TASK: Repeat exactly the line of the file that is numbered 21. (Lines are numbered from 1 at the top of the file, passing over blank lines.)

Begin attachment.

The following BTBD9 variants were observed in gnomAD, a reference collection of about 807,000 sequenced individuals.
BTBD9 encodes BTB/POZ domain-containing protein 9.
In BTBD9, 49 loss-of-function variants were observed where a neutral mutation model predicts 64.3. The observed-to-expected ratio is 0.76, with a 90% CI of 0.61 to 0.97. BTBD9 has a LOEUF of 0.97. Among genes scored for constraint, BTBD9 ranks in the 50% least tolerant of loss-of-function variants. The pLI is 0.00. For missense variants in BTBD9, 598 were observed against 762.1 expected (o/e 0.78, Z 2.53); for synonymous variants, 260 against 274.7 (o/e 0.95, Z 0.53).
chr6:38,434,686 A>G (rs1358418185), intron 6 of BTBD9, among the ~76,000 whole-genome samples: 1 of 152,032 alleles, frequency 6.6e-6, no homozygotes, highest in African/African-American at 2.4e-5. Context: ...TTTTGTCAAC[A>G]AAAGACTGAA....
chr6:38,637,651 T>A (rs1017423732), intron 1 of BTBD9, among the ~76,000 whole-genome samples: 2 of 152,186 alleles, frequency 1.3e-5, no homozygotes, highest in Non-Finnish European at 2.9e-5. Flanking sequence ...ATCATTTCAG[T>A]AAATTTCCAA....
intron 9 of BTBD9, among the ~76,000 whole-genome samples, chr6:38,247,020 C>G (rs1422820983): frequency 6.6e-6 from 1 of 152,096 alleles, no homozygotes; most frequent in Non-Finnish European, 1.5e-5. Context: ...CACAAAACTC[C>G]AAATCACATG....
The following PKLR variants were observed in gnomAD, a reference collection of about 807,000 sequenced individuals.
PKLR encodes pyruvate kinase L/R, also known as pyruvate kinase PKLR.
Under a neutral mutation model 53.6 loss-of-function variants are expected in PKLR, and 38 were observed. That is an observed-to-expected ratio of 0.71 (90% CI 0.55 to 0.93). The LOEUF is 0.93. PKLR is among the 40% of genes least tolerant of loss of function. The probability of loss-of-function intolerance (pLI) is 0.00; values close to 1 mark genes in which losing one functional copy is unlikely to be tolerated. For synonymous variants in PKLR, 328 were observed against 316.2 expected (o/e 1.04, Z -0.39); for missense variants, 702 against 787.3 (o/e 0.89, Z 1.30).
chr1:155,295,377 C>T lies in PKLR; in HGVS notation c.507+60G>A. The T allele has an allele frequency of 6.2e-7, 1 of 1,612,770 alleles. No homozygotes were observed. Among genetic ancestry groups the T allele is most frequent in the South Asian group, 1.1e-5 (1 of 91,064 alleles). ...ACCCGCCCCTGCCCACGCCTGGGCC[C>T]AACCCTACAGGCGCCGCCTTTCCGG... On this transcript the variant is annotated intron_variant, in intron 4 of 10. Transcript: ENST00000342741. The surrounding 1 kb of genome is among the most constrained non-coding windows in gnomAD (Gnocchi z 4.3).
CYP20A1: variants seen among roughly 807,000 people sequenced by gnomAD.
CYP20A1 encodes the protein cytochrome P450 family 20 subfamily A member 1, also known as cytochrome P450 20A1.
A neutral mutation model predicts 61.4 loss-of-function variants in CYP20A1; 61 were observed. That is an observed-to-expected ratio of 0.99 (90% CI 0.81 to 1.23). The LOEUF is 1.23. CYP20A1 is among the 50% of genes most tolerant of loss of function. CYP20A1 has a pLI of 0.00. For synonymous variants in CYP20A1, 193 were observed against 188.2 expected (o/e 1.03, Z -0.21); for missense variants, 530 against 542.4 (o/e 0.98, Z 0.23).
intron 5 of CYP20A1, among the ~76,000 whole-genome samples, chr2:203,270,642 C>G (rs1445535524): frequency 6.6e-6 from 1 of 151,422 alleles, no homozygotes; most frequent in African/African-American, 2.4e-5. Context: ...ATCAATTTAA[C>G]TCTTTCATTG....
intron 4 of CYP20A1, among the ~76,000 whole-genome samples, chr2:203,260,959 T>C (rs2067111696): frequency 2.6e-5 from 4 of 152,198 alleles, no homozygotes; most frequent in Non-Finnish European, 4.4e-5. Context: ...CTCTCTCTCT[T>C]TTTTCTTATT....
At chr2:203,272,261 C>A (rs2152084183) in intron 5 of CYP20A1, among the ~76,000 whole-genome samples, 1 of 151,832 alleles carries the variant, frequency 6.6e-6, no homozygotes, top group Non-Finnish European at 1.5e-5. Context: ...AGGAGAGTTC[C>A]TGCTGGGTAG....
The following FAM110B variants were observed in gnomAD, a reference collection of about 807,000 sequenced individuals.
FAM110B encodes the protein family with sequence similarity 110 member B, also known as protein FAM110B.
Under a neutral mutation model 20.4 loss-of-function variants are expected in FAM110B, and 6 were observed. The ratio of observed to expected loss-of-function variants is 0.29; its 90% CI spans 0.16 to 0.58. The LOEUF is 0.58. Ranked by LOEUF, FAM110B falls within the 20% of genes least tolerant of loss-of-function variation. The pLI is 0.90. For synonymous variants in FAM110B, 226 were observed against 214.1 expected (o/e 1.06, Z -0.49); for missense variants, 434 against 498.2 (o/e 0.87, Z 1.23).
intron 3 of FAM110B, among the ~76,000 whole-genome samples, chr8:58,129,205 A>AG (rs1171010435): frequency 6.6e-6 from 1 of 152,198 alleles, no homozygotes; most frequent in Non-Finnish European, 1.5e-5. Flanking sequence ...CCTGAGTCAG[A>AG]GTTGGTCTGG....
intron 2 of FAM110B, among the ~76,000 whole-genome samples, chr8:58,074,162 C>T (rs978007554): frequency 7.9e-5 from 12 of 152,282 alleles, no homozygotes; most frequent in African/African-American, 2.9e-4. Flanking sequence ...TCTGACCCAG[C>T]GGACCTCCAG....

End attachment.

intron 2 of FAM110B, among the ~76,000 whole-genome samples, chr8:58,074,162 C>T (rs978007554): frequency 7.9e-5 from 12 of 152,282 alleles, no homozygotes; most frequent in African/African-American, 2.9e-4. Flanking sequence ...TCTGACCCAG[C>T]GGACCTCCAG....